Simulation-based medical education (SBME) has revolutionized training in echocardiography.

The addition of echocardiography simulation to curricula and fellowship programs has contributed to professional competency.

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Anesthesiologists and critical care cardiologists are challenged by the need to deliver top-notch examinations, diagnoses and treatment using the latest protocols in echocardiography. Simulation-based medical education (SBME) has revolutionized training in this area.


But, the question remains: Is there enough research and evidence to recommend a full integration of simulation-based training in echocardiography within medical education and accreditation programs?


Simulators have been widely adopted into medical and surgical training. They have allowed the repetition of diverse scenarios --  high risk in some cases, rare and infrequent in others -- to improve performance at the clinical procedure. Ultrasound simulators, in particular, have expanded opportunities for learning and acquisition of intricate skills.

Research explains how* the use of echocardiographic simulation can be an effective enhancement and accelerator to traditional training programs. It can be difficult to provide students with focused teaching while managing a live patient’s needs. But simulation can provide opportunities for dedicated teaching away from the stress of clinical interaction.

 

Vimedix Ultrasound Simulators_TTE_TEE_OB_GYN

Evidence for Effectiveness of Echocardiography Simulation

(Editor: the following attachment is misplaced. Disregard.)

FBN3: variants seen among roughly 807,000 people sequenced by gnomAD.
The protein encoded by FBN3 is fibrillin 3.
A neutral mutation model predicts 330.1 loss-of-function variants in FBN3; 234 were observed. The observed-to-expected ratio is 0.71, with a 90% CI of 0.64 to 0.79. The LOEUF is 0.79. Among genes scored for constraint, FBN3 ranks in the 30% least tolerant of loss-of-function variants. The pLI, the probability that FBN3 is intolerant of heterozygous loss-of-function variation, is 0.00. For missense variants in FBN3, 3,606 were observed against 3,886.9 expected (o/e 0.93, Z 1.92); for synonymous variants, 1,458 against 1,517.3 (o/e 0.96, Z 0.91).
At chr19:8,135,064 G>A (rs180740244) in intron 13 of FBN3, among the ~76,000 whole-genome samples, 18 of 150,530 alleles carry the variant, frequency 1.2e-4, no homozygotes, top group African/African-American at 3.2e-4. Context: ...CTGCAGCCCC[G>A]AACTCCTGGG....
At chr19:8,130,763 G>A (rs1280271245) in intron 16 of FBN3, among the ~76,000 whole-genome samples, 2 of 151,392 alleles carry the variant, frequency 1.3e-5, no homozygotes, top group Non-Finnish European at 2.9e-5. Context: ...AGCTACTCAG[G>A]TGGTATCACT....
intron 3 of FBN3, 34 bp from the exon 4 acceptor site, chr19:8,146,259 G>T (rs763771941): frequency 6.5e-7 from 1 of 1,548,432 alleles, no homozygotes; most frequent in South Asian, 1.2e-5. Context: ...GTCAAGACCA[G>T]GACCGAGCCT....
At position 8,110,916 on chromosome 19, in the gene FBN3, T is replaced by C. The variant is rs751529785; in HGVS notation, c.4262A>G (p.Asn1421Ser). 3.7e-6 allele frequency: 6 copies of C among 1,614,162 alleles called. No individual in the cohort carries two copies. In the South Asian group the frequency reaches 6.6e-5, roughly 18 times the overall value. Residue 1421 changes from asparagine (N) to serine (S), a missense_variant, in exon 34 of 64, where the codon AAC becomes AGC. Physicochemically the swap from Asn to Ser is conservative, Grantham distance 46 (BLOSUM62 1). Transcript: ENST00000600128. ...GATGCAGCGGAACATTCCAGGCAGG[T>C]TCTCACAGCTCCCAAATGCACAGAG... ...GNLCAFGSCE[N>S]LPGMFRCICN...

The use of simulation to mitigate the risk of adverse events has long been used within the aviation industry. The appearance of simulators in medicine and surgery has proven likewise beneficial -- in particular for difficult clinical scenarios in acute and emergency care areas.

The primary goal of simulation-based training is improved performance of the team and of the individual care provider to ultimately improve outcomes for patients. 

Validation of the simulation against reality is therefore essential, and [with the high level of augmented reality provided by high fidelity training models, the CAE Vimedix line included] surgeons have benefitted from shortened learning times, improved outcomes, and reduced complication rates.

A clumsy or inexperienced trainee has the potential to cause significant patient harm.
Simulation training has proved useful in

  • accelerating the learning process in image acquisition and identification 
  • teaching proper transducer manipulation and correct knobology
  • instructing learners in safe transducer angulation to the skin or esophagus for image optimization 


Conclusions

Ultrasound has now established itself as a tool whose use in various procedures performed in critical care and anesthesia, (for example, regional nerve blocks and central vein cannulation), improves safety for patients.

The addition of echocardiography simulation to postgraduate curricula, accreditation, and fellowship programs will enhance and accelerate the theoretical and the practical components that produce competency.

 

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*The above content is excerpted from the article, "Can Simulation Help to Answer the Demand for Echocardiography Education?"
Authors: Fernando Clau-Terré, M.D., Ph.D., Vivek Sharma, M.D., et.al.  Publication: Journal of American Society of Anesthesiologists, January 2014; Vol. 120:32–41 
Visit  Anesthesiology Publications/ASAHQ.org  to view this article in its entirety

Additional Notes from the Original Article:
The American Society of Anesthesiologists, together with the Society of Cardiovascular Anesthesiologists and the American Society of Echocardiography, first established the process by which formal training and assessment enabled cardiac anesthesiologists to attain the necessary recognition to become high-level echocardiographers, and improve the perioperative diagnosis and management of cardiac surgical patients. The success of this achievement and its widespread adoption and international replication led the way for the development of critical care and postoperative physician-delivered echocardiography and the concept of general ultrasound in critical care.